Denver Public Schools (DPS) students accompanied Denver City Councilman Paul Lopez on Thursday, Oct. 20, in presenting the city’s proclamation naming the second Monday of October as Indigenous Peoples’ Day.
City Council members unanimously approved the proclamation earlier this month to honor the vast contributions of indigenous peoples to the Denver community. The first official Indigenous Peoples’ Day in Denver was Oct. 10, 2016.
Lopez, who authored the city’s proclamation, presented an official copy to DPS Board of Education members at Thursday’s regular monthly meeting. Board member Rosemary Rodriguez accepted the proclamation, calling it a monumental day.
“On behalf of Denver Public Schools, we too recognize the contributions made by indigenous peoples in science, philosophy, arts and culture,” Rodriguez said. “Denver and the surrounding communities are built on the ancestral homelands of numerous tribes.”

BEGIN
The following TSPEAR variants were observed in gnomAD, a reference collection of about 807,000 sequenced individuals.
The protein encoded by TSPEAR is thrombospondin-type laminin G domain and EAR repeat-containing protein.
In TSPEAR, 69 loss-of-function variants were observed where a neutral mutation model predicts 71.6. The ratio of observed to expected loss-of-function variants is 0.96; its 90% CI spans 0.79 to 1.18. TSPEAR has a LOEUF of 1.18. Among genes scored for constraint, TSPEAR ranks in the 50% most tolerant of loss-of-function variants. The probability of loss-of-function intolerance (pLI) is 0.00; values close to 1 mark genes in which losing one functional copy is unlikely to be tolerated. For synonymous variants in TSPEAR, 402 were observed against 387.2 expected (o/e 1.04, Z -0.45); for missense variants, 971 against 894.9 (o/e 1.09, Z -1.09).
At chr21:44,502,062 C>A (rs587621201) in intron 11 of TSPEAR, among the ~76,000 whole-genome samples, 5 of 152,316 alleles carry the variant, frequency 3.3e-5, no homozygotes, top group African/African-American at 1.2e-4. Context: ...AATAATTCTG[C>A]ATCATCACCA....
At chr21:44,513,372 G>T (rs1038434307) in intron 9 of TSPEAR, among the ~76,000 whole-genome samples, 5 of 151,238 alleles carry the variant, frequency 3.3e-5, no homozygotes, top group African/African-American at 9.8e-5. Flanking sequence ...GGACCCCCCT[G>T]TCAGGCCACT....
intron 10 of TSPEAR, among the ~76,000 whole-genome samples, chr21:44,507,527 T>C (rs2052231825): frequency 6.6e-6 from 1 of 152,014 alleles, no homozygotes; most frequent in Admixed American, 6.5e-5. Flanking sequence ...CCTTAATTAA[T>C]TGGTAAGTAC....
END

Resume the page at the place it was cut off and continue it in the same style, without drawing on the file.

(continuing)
Several DPS students who participated in the City Council discussion of the proclamation on Oct. 3 also spoke to school board members, thanking them for their recognition in both Lakota and Navajo languages.
“I am honored that my people are being recognized every year for Indigenous Peoples’ Day,” said Nizhonii Mitchell, a sophomore at South High School and current Denver Indian Center princess. “In the future, people will wonder what Indigenous Peoples’ Day is and that’s when I will say, ‘It’s my people’s day’.”
“Indigenous Peoples’ Day is something wonderful to me. It’s a day when I can celebrate my people and we can celebrate our strength and resilience,” said Joi Lynch, a junior at East High School and president of the school’s Native American Club.
Other students who spoke were Simako Marshall, a senior at West Early College, and Anpa’o Locke, a senior at the Denver Center for International Studies.
Lopez, the city council member, said the recognition of indigenous peoples is long overdue.
“If you look at the history books, or if you get on Google or Wikipedia, the founding of Denver starts with the Gold Rush,” he said. “But this city was founded at the confluence of the Platte River and Cherry Creek because there were seasonal encampments by the Arapahoe and Cheyenne people.
“We want to make sure our kids and our city understand history, not as told by the victor, but as is. The worst thing you can do to a population, to any group, is to make them invisible,” Lopez added.
For more information and to read the proclamation, click here.